Glimpses of Grace Daily Devotion for October 28, 2017

Do you “journal”? 

I do. I’ve kept a journal, on and off, since 1981, the year our oldest daughter was born. I decided to start journaling so my daughter and her sister would know “the real me.” 

Over the years my journal has taken on different formats. For a short time I tried the “Doogie Howser” approach and journal electronically. It wasn’t satisfying. 

Before my trip to Scotland one of my sons-in-law gave me an orange journal. He said that it was so that I could easily find it during my travels. There is a subtext; I lose things!

Tonight I am sitting down and reading about my adventures over the past few weeks. Søren Kierkegaard once wrote that we can only discern the Hand of God in our lives as we examine our Past. 

Reading my journals reminds me of the times God’s finger touched me. Each touch is a glimpse of grace. 

Lord God, thank you for Your hand that had never left me, Your Love that sustains me, and Your Grace that envelopes me. Amen. 


Glimpses of Grace Daily Devotion for October 27, 2017

Palm Trees in Scotland

Palm trees in Scotland! Yes, palm trees. The ticket agent at the window laughed when I said that I wanted a ticket to the place in Scotland where there are palm trees. He didn’t believe me. 

But there really are palm trees in Scotland! 

On Scotland’s Isle of Bute a species of palm tree grows due to the warm currents of the Gulf Streams. I think that it’s an example of God’s sense of humor, a practical joke to keep us on our toes and to expect the unexpected. 

God’s grace is unexpected. One of my favorite writers, Frederick Buechner, wrote most insightfully about “Grace” in his book, Wishful Thinking. “A crucial eccentricity of the Christian faith is the assertion that people are saved by graceThere’s nothing you have to do. There’s nothing you have to do. There’s nothing you have to do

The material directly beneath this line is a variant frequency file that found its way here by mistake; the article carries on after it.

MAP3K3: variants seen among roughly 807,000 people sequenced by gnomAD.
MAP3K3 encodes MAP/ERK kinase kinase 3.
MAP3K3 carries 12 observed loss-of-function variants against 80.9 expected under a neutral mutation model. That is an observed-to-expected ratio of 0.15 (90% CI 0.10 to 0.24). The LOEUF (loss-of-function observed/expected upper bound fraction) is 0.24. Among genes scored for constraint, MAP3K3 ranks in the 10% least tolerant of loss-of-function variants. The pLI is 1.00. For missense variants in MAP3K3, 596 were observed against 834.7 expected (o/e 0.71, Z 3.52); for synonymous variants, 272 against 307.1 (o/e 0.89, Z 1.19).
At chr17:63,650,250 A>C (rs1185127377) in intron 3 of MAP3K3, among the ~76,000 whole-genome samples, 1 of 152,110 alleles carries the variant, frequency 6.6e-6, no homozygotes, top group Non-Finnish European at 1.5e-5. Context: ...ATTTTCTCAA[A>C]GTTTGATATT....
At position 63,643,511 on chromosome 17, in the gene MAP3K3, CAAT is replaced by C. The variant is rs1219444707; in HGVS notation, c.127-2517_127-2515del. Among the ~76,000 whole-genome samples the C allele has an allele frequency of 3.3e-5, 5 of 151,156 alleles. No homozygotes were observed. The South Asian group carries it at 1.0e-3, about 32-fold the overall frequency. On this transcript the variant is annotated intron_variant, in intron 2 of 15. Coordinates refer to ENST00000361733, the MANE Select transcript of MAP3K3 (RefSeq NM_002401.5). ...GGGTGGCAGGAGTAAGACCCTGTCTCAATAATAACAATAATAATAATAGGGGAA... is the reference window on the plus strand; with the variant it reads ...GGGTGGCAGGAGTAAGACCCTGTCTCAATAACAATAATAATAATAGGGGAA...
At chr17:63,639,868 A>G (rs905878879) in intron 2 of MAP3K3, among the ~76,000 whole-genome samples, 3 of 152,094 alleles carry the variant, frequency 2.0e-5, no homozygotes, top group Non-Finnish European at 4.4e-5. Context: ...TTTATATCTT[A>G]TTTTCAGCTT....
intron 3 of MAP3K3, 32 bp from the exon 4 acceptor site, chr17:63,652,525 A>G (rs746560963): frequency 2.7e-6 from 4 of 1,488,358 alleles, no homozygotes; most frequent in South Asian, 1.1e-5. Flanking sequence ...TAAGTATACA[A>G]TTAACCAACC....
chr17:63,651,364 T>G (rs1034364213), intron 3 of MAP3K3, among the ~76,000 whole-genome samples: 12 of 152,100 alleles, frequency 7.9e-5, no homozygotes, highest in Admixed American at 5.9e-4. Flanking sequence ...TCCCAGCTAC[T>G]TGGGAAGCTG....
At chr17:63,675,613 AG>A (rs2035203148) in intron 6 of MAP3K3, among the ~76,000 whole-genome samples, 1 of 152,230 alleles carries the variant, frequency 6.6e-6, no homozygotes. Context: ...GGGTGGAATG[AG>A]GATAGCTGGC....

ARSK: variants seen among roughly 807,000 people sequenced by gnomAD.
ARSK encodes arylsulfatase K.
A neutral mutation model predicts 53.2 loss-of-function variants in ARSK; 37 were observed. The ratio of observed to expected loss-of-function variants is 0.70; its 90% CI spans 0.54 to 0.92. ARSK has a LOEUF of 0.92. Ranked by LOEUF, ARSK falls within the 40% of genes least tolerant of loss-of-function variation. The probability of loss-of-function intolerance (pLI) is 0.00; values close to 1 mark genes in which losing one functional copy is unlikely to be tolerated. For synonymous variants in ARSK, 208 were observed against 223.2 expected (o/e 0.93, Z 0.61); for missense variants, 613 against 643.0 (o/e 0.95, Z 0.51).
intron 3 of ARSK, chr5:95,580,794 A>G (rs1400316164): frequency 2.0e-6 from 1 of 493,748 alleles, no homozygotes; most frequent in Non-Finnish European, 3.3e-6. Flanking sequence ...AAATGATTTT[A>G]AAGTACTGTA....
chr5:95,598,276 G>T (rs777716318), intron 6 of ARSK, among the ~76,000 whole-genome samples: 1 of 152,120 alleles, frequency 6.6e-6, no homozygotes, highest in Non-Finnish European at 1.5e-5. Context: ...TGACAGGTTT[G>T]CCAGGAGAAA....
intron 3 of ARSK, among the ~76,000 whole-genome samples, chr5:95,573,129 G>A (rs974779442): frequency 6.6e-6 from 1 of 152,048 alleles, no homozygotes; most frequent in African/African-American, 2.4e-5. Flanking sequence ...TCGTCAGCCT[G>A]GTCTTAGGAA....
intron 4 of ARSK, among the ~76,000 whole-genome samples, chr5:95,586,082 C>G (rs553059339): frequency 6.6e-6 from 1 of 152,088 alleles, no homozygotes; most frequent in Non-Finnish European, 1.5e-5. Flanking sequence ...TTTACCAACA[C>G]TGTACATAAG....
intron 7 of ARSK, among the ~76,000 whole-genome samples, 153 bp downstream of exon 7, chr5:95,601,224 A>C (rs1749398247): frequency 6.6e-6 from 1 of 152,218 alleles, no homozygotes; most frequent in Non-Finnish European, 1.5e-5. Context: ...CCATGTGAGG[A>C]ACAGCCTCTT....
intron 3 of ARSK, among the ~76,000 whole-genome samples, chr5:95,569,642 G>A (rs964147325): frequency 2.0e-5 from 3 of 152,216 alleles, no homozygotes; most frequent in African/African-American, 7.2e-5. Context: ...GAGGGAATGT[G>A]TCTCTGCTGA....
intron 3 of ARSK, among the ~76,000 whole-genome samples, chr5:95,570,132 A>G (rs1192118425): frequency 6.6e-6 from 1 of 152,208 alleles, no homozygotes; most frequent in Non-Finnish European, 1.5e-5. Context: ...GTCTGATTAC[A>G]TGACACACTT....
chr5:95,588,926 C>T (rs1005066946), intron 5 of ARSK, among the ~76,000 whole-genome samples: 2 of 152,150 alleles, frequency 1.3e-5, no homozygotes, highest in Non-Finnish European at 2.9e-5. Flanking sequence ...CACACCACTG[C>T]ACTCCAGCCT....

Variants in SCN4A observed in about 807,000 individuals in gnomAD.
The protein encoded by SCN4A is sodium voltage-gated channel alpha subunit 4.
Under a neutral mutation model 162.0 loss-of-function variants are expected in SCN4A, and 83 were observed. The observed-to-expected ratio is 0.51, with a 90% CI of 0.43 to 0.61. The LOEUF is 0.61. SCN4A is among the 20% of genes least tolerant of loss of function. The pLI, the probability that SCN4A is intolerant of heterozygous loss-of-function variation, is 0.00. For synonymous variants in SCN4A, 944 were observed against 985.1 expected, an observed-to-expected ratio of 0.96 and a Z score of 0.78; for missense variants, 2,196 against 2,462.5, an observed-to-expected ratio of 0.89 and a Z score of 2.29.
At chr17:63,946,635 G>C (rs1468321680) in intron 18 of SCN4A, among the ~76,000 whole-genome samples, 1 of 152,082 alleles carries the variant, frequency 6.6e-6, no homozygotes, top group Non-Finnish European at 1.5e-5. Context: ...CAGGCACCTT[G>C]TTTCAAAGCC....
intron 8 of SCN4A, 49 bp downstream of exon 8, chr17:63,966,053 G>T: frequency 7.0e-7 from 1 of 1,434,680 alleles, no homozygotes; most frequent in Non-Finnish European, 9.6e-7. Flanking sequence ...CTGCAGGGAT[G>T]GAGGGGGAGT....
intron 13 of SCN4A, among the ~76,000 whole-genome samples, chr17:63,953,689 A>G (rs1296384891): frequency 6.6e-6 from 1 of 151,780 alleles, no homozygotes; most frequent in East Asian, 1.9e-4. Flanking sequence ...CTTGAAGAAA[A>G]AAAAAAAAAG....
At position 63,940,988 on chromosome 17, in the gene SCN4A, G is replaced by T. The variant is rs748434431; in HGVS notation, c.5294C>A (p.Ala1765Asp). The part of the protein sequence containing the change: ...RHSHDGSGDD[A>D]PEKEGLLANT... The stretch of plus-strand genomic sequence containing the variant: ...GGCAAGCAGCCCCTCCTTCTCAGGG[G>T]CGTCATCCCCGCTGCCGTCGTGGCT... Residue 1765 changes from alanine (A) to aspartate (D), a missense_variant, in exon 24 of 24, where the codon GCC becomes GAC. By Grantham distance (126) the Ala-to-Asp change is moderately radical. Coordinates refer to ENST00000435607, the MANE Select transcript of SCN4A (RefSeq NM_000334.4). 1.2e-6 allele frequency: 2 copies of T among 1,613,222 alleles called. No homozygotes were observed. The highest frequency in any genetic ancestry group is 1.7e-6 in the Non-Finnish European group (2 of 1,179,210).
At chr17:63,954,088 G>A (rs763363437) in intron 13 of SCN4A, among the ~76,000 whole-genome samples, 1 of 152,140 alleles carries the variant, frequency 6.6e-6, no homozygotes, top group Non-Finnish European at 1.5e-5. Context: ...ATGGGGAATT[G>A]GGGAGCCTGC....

“The grace of God means something like: ‘Here is your life. You might never have been, but you are, because the party wouldn’t have been complete without you. Here is the world. Beautiful and terrible things will happen. Don’t be afraid. I am with you. Nothing can ever separate us. It’s for you I created the universe. I love you.’”

The palm trees of Scotland are God’s little reminders to expect the unexpected in life. Live for the surprises and in them catch a glimpse of grace. 

Lord, thank you palm trees in Scotland and for all of the surprises that remind us of Your amazing grace. Amen. 


Glimpses of Grace DailynDevotion for October 25, 2017

And God said, I will set my bow in the sky and it will remind me that I have made a promise to you and your descendants. (Genesis 9:13, 14)

I awoke to a rainbow this morning. After making a cup of coffee I stepped out onto the balcony and looked over at “the squinty” bridge in Glasgow, Scotland. And there it was, a rainbow! A “promise remembered”! A great start to a new day, one that was mixed with exhilaration and small disappointments. 

Throughout the day I remembered the rainbow as well as what it meant; God’s promise First given Noah and to all of his descendants until the end of time. What was a weapon of war became a symbol of reconciliation and hope and peace and Love. 

God is not angry with us; disappointed at times, but not angry. God does never writes us off, even if others do. Rather, God calls us to a new way of life, a way of life that sets aside selfish ambition and seeks to “enjoy and glorify God forever”, for that is why we were created. 

Lord God, thank you for the promise that You will neither forget or forsake us. Teach me to live in such a way You will be glorified. Amen


Glimpses of Grace Daily Devotion for October 11, 2017

The Lost has been found!

I doubt that there was rejoicing in heaven, but there was rejoicing in my heart! All that being said, those who know me best may think that I seem to only think 5 minutes ahead but in reality I always have a Plan B, C, D and, at times, even an E in the back of my head. I don’t know why my brain works this way. Maybe this hardwiring was set when I was a toddler. A “family systems” approach would seem to say this. Maybe it occurred when I tried to learn how to master chess–I never did, by the way. Maybe it was reading a lot of biographies of military generals and Presidents in my youth–I read few of them nowadays. Maybe it was because I admired football quarterbacks who didn’t stay in “the pocket” and who could “scramble” toward a successful play or basketball point guards who made things happen. I could do neither. Maybe it’s “just because.”